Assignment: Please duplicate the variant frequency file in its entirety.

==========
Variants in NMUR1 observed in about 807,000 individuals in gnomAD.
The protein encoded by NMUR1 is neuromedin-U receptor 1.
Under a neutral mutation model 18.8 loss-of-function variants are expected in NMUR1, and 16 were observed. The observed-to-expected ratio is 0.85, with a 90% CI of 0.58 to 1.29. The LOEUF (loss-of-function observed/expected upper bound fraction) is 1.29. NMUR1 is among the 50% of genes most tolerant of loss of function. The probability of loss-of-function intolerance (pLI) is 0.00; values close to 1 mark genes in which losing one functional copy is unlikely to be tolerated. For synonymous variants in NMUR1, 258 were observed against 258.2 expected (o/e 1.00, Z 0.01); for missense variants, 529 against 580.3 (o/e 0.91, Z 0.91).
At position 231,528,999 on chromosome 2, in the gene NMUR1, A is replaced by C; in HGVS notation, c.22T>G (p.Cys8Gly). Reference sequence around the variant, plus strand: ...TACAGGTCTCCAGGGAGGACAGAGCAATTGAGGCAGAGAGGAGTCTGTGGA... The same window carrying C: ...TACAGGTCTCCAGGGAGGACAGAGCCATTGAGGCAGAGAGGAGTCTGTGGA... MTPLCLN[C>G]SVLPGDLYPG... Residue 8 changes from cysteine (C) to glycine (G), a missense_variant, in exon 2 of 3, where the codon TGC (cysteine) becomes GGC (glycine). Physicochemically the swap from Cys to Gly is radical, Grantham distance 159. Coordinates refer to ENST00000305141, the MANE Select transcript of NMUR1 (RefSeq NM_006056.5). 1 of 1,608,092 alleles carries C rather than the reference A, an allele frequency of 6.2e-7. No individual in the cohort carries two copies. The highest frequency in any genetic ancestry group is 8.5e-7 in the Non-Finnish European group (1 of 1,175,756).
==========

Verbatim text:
Variants in NMUR1 observed in about 807,000 individuals in gnomAD.
The protein encoded by NMUR1 is neuromedin-U receptor 1.
Under a neutral mutation model 18.8 loss-of-function variants are expected in NMUR1, and 16 were observed. The observed-to-expected ratio is 0.85, with a 90% CI of 0.58 to 1.29. The LOEUF (loss-of-function observed/expected upper bound fraction) is 1.29. NMUR1 is among the 50% of genes most tolerant of loss of function. The probability of loss-of-function intolerance (pLI) is 0.00; values close to 1 mark genes in which losing one functional copy is unlikely to be tolerated. For synonymous variants in NMUR1, 258 were observed against 258.2 expected (o/e 1.00, Z 0.01); for missense variants, 529 against 580.3 (o/e 0.91, Z 0.91).
At position 231,528,999 on chromosome 2, in the gene NMUR1, A is replaced by C; in HGVS notation, c.22T>G (p.Cys8Gly). Reference sequence around the variant, plus strand: ...TACAGGTCTCCAGGGAGGACAGAGCAATTGAGGCAGAGAGGAGTCTGTGGA... The same window carrying C: ...TACAGGTCTCCAGGGAGGACAGAGCCATTGAGGCAGAGAGGAGTCTGTGGA... MTPLCLN[C>G]SVLPGDLYPG... Residue 8 changes from cysteine (C) to glycine (G), a missense_variant, in exon 2 of 3, where the codon TGC (cysteine) becomes GGC (glycine). Physicochemically the swap from Cys to Gly is radical, Grantham distance 159. Coordinates refer to ENST00000305141, the MANE Select transcript of NMUR1 (RefSeq NM_006056.5). 1 of 1,608,092 alleles carries C rather than the reference A, an allele frequency of 6.2e-7. No individual in the cohort carries two copies. The highest frequency in any genetic ancestry group is 8.5e-7 in the Non-Finnish European group (1 of 1,175,756).